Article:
What to do if you don’t consider yourself a writer

Somebody said to me in passing the other day: “I do all my company’s writing”, but I don’t consider myself a writer”, and I suspect that’s a position in which a lot of people find themselves. It may be, however, that you don’t need to be a writer, because you’re focusing on the wrong thing.

Why’s that? Well, in this age of information overload, where we’re all finding it hard to be heard, the most important aspects of any piece of writing are the choice of subject, followed by the headline. In a great presentation called The Psychology of Persuasive Content for “Boring” Industries, web psychologist Nathalie Nahai recommends that you write an outline of the copy first, then the headline. More importantly, these are the items where you should be taking your time and using your expertise. The writing of the article itself, while needing to be factually accurate, comes second to this.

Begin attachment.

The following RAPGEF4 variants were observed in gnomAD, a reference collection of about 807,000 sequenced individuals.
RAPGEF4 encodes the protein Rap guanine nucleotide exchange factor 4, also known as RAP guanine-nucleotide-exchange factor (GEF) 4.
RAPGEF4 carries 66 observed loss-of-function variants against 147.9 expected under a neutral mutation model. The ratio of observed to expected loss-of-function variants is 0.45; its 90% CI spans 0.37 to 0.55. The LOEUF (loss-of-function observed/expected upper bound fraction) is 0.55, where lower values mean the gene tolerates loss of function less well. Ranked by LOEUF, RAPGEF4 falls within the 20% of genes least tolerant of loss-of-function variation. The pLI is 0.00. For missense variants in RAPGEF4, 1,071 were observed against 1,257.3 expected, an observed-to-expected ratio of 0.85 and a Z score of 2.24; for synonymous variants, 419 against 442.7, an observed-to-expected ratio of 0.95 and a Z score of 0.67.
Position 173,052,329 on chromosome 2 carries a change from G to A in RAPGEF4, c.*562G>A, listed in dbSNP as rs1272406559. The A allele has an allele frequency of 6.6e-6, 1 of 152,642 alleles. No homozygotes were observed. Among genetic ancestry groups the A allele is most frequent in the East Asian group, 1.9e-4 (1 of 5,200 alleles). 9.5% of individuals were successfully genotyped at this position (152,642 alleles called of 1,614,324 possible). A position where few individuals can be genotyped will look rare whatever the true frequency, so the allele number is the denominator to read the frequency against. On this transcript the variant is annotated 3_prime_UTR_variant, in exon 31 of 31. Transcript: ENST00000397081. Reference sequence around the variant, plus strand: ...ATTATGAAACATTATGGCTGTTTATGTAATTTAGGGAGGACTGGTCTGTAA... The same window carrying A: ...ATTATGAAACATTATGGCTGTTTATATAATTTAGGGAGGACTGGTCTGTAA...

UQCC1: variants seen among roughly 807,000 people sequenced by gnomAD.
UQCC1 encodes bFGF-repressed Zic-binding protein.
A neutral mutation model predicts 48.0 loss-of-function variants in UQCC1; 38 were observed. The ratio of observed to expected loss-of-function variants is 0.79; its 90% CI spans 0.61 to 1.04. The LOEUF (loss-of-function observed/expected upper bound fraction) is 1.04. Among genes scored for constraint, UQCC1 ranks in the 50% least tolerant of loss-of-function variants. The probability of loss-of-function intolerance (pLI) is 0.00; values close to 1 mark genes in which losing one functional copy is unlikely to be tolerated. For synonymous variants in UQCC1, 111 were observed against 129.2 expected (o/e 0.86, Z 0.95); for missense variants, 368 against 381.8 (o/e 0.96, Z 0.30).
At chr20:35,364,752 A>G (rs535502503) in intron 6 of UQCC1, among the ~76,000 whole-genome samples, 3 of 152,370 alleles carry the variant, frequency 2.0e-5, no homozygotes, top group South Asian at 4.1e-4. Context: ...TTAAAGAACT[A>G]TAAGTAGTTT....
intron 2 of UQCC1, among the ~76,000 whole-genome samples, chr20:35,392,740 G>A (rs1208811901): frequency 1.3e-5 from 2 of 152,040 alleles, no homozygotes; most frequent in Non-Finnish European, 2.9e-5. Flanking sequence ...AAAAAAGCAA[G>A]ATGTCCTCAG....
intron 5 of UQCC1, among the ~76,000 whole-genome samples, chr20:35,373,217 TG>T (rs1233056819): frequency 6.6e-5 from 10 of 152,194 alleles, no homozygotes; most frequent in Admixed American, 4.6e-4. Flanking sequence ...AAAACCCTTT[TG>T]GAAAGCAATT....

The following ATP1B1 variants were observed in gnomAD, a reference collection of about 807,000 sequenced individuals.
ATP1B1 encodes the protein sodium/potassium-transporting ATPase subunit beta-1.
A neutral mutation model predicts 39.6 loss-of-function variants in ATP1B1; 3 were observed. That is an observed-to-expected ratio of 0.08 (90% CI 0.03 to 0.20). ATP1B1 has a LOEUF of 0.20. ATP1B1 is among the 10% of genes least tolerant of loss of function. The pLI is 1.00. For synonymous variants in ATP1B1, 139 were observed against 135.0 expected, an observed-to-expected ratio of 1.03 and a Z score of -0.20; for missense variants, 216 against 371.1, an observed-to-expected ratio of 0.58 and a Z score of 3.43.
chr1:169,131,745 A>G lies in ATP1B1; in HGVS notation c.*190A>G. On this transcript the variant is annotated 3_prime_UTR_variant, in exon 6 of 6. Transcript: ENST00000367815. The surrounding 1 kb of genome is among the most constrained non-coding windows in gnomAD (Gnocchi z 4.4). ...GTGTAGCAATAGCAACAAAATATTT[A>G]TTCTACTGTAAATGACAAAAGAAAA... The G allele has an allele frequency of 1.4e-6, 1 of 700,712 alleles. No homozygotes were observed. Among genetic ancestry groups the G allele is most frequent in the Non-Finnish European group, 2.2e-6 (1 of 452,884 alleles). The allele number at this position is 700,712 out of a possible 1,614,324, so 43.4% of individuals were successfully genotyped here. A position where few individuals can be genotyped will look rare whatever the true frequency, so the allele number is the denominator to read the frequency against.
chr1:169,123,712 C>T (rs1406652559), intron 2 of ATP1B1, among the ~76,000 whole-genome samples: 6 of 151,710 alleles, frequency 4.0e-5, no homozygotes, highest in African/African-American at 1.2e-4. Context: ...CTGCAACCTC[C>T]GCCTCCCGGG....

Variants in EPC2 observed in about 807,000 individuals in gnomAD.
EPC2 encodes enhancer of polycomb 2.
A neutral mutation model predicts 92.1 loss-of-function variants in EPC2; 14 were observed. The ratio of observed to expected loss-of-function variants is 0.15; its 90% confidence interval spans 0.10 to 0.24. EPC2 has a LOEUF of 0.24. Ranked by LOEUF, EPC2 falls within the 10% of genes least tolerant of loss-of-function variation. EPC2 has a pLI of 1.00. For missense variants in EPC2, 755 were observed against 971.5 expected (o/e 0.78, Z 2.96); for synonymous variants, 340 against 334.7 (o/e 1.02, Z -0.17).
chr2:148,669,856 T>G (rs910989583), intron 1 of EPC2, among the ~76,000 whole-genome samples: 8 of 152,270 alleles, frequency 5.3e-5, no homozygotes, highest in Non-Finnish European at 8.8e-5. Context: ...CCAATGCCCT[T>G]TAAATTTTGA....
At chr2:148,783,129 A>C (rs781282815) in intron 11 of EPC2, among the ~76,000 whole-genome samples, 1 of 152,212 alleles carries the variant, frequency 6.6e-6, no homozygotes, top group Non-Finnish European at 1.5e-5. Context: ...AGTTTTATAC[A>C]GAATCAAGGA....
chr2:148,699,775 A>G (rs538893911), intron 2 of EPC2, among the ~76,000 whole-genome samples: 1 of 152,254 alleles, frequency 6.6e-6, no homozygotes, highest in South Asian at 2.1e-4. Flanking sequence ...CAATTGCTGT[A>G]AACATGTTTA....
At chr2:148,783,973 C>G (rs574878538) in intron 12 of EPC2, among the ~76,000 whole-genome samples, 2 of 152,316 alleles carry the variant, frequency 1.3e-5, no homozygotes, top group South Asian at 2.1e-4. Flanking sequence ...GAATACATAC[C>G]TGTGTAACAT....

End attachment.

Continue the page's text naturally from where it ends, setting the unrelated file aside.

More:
That might enrage some people, but if you don’t get clicked on and read, there’s no point in writing the article. I would say that 90% of the links I see in our so-called “boring” industries don’t inspire me to click on them. The subject material was uninteresting, and (or) the title was tedious.

So here’s what I reckon: tear up your regular practice of spending 4 minutes thinking what to write about, then 4 hours writing about it, and 40 seconds writing the headline. Instead, spend 40 minutes thinking what to write about and creating a draft headline. That’s likely to be the stuff you can do better than anyone else. Then farm out the 4 hours’ writing to someone who does that for a living – it’s really not expensive, especially if you give the writer a great brief and headline. Get on with the stuff you really can do better than anyone else.

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